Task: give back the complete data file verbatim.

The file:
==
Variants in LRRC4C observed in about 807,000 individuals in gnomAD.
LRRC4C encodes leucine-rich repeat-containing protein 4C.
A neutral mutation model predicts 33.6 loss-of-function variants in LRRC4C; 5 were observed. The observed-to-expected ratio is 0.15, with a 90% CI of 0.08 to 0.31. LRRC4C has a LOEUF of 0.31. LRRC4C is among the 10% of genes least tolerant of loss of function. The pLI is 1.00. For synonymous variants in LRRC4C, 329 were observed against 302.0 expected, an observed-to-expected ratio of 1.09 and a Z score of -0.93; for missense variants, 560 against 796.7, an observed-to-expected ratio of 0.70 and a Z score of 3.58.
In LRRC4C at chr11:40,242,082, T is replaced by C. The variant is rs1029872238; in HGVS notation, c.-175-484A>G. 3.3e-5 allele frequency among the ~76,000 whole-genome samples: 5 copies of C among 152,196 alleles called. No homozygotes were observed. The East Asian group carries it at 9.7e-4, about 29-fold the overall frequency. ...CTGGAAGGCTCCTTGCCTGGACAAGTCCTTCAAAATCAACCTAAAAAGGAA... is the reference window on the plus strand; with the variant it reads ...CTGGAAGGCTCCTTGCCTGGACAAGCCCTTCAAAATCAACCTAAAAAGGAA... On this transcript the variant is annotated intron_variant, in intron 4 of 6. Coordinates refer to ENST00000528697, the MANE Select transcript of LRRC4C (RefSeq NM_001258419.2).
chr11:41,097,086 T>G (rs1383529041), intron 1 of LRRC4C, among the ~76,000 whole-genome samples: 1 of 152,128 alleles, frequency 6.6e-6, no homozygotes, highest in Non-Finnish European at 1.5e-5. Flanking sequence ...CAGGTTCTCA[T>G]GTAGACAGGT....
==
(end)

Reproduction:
Variants in LRRC4C observed in about 807,000 individuals in gnomAD.
LRRC4C encodes leucine-rich repeat-containing protein 4C.
A neutral mutation model predicts 33.6 loss-of-function variants in LRRC4C; 5 were observed. The observed-to-expected ratio is 0.15, with a 90% CI of 0.08 to 0.31. LRRC4C has a LOEUF of 0.31. LRRC4C is among the 10% of genes least tolerant of loss of function. The pLI is 1.00. For synonymous variants in LRRC4C, 329 were observed against 302.0 expected, an observed-to-expected ratio of 1.09 and a Z score of -0.93; for missense variants, 560 against 796.7, an observed-to-expected ratio of 0.70 and a Z score of 3.58.
In LRRC4C at chr11:40,242,082, T is replaced by C. The variant is rs1029872238; in HGVS notation, c.-175-484A>G. 3.3e-5 allele frequency among the ~76,000 whole-genome samples: 5 copies of C among 152,196 alleles called. No homozygotes were observed. The East Asian group carries it at 9.7e-4, about 29-fold the overall frequency. ...CTGGAAGGCTCCTTGCCTGGACAAGTCCTTCAAAATCAACCTAAAAAGGAA... is the reference window on the plus strand; with the variant it reads ...CTGGAAGGCTCCTTGCCTGGACAAGCCCTTCAAAATCAACCTAAAAAGGAA... On this transcript the variant is annotated intron_variant, in intron 4 of 6. Coordinates refer to ENST00000528697, the MANE Select transcript of LRRC4C (RefSeq NM_001258419.2).
chr11:41,097,086 T>G (rs1383529041), intron 1 of LRRC4C, among the ~76,000 whole-genome samples: 1 of 152,128 alleles, frequency 6.6e-6, no homozygotes, highest in Non-Finnish European at 1.5e-5. Flanking sequence ...CAGGTTCTCA[T>G]GTAGACAGGT....